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April 30, 2020

Drop In Workload Is The Perfect Time To Re-Evaluate Forklift Battery

By Justin Forbes

For companies thinking about ways to increase productivity and cut long-term costs in their operations, now may be the perfect time to re-evaluate the type of forklift battery you are using to power your lift equipment. 

Why now? 

Because some companies are seeing a reduction in demand or workload as a result of the coronavirus pandemic. Waiting can be a frustrating prospect for any company that is not used to taking its foot off the pedal. And the truth is, nobody knows what manufacturing will look like when we come out of this pandemic – this only adds to that frustration.

Now may be a good opportunity to take advantage of a lull in business and re-evaluate your forklift battery. Here’s why.


Evaluate What Is Working And Not Working


Forklift batteryDespite the stress and uncertainty felt by many companies right now, re-evaluating systems and exploring what is working and not working in your current production process can put you in a better position once it is time to ramp production back up.

A forklift battery plays a major role in the productivity of a company’s operation. If increasing efficiency is a goal once production resumes to normal levels, it is important to re-evaluate what type of battery you are using and compare your options.

Battery features to look at include:

  • Average lifespan - The average lifespan of a lead acid battery is between 1,000 and 1,500 cycles. The average lifespan of a lithium-ion battery, however, is between 2,000 and 3,000 cycles. 
  • Average run time - The average run time of a lead acid battery is about 5.4 hours, with a safe discharge down to 30% capacity. Lithium-ion batteries typically run about 7.2 hours before requiring a charge and can be safely discharged down to 20% capacity.
  • Charging times - Lead acid batteries require 8 hours of charging time and another 8 hours to cool down. Lithium-ion batteries take just 1 to 2 hours to charge and can be opportunity charged in between shifts or while employees are on break.
  • Labor costs - Lead acid batteries have a more labor intensive charging process. With lead acid batteries, an operator must use special lifting equipment to remove the battery and place it on a storage rack for charging. After the battery charges and cools for a total of 16 hours, they must place the battery back into the equipment. Lithium-ion batteries remain in the equipment during charging, so no removal is required.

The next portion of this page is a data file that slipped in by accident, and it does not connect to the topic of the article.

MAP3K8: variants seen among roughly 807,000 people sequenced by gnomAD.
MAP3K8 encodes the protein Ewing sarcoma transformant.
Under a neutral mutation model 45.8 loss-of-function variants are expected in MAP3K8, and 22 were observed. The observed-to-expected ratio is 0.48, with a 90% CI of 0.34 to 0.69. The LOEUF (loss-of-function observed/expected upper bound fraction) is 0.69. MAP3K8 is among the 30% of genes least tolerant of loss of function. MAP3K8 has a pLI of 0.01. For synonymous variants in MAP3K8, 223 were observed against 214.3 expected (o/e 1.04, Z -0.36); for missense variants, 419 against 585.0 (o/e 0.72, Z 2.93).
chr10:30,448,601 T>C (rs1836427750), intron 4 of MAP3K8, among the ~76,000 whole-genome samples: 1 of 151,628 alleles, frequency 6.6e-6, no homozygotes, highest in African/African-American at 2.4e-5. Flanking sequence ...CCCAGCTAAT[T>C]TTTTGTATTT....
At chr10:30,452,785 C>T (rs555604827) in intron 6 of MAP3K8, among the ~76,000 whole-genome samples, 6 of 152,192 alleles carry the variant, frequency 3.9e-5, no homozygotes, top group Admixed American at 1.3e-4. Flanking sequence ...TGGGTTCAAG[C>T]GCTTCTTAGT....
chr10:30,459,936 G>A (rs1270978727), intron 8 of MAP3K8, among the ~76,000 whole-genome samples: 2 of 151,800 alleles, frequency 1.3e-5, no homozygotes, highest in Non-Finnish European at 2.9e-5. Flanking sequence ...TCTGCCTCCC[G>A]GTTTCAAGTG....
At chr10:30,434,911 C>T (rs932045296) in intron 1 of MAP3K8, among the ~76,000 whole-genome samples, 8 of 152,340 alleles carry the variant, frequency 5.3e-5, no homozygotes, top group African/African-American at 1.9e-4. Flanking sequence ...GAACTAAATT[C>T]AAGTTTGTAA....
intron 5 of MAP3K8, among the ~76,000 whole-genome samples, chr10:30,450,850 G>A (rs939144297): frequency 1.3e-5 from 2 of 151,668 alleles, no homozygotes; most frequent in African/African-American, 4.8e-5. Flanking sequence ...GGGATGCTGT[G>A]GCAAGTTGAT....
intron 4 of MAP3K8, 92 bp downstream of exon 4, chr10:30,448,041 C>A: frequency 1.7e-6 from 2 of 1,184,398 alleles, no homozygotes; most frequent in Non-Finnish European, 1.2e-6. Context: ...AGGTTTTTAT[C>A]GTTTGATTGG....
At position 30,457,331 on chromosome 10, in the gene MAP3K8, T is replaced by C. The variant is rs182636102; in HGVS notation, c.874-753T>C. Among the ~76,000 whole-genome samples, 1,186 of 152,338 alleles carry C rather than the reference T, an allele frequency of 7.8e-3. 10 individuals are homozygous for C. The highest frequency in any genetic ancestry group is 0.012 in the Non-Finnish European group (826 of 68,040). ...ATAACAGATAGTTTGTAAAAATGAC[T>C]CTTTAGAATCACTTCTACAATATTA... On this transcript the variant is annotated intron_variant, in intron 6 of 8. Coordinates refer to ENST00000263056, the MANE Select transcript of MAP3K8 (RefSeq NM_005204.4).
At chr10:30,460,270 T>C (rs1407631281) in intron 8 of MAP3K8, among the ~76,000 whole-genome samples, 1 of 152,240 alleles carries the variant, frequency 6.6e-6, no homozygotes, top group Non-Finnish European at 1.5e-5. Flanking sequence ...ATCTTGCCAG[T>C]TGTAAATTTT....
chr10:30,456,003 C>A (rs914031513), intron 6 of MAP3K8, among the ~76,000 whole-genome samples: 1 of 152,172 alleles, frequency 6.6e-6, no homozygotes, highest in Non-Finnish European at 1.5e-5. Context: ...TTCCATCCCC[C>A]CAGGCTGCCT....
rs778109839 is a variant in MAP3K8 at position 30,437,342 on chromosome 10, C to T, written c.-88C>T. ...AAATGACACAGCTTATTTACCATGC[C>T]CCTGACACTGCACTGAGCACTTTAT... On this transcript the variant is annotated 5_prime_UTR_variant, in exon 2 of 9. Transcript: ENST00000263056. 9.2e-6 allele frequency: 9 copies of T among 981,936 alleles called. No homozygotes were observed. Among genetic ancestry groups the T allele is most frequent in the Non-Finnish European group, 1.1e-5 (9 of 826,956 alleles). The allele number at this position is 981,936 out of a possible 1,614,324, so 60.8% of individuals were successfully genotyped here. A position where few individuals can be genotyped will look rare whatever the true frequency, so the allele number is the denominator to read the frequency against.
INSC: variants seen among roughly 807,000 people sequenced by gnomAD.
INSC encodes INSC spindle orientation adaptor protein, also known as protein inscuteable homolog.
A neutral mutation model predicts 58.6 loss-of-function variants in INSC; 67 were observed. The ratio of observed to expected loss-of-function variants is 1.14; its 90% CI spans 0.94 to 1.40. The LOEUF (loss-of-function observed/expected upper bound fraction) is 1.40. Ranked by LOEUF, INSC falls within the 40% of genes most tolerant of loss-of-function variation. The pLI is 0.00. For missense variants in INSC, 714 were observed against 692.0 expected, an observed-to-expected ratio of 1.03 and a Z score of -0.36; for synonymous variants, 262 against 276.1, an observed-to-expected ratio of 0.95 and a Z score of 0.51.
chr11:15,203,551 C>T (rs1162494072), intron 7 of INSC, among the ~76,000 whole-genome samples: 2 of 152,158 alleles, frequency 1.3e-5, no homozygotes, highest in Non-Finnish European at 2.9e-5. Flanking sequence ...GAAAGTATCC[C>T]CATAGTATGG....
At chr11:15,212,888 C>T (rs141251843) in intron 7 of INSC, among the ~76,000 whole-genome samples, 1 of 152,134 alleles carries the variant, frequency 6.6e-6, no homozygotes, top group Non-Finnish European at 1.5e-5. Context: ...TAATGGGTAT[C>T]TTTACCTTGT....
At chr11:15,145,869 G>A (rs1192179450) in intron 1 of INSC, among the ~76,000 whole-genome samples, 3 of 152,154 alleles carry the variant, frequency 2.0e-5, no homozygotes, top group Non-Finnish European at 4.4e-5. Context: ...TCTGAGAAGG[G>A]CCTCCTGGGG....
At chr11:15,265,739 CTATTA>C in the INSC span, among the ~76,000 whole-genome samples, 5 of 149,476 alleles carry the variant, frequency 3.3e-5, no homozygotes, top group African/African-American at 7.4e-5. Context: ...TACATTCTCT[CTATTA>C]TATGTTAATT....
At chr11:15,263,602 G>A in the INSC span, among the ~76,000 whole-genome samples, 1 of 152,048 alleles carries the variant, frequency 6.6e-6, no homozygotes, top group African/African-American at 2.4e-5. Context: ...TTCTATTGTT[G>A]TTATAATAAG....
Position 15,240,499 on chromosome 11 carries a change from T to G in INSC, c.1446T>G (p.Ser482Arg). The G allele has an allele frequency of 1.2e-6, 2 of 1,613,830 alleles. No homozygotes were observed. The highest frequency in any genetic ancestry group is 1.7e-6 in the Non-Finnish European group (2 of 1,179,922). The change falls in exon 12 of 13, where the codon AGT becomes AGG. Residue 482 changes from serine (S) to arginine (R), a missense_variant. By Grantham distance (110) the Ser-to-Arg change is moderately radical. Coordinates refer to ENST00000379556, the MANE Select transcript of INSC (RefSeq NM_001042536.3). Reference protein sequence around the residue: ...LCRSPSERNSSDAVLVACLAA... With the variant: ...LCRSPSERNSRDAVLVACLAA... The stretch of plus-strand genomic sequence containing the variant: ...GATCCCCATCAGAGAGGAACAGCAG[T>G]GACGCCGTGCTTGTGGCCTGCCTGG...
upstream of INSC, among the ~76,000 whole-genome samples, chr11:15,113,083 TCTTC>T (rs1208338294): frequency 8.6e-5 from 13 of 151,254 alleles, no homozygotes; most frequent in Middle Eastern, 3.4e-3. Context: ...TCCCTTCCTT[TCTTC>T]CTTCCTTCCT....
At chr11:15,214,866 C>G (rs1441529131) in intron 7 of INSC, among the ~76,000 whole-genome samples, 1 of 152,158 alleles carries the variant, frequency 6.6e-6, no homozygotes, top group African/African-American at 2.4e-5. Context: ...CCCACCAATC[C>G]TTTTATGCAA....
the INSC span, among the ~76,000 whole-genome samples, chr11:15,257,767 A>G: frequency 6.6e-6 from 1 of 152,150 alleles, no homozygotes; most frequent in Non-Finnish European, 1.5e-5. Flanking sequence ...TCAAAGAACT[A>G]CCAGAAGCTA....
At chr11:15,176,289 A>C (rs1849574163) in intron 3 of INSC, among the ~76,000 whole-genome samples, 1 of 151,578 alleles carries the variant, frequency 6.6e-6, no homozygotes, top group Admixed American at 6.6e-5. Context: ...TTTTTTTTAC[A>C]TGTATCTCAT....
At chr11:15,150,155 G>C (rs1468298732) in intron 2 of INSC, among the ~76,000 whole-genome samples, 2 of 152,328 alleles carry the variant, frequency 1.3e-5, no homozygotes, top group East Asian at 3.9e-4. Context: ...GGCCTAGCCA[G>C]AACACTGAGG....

• Safety considerations - Lead acid batteries present several safety concerns, including a risk for the highly-toxic sulfuric acid to spill when workers “water” the batteries. If lead acid batteries overcharge, the electrolyte solution can overheat and increase pressure inside the battery, leading to an explosion. Lithium-ion batteries do not require water maintenance and there is minimal risk for overheating. Leaving the battery installed in the lift equipment during the charging process also reduces the risk for injuries to operators.

For multi-shift operations, or companies that are considering expanding to multi-shift operations, the above features can be especially important to consider when re-evaluating your needs. 

Our article, Lithium Battery Price: Good Investment?, explores how these battery features influence whether lithium-ion batteries are a good long-term investment for many companies.


Reclaim Square Footage


Swapping out lead acid batteries for lithium-ion batteries can allow a company to reclaim square footage in its facility. 

When companies use lead acid batteries to power their equipment, they must dedicate space for the charging and cooling processes. This is because temperature control is very important with lead acid batteries, which can get very hot while charging.

When lead acid batteries reach their peak charge, they can leak explosive gas. A separate area for charging and the required cooldown period afterward helps ensure workers remain safe should this occur. 

By swapping out lead acid batteries for lithium-ion batteries, warehouse space that is currently dedicated to the charging and cooling of lead acid batteries can be used for a more beneficial purpose.


Test Out A Battery


For companies that are considering changing the batteries they use to power their lift equipment, it is a great idea to try a demo battery.

This gives your company an opportunity to see a lithium-ion battery in action and determine how it will benefit your operation before making a purchasing decision.

Requesting a demo battery will allow you to see how competitive lithium-ion battery technology is for your operation. And, once production is ramped back up, your company can be in a better position to achieve higher levels of efficiency and productivity.

Forklift Battery


Justin Forbes

Justin Forbes

Justin Forbes is the Director of Business Development at Flux Power. He graduated with a degree in Mechanical Engineering from UC San Diego, and earned his MBA from Duke University. He is responsible for developing marketing and customer acquisition initiatives, along with creating new business growth strategies to increase sales.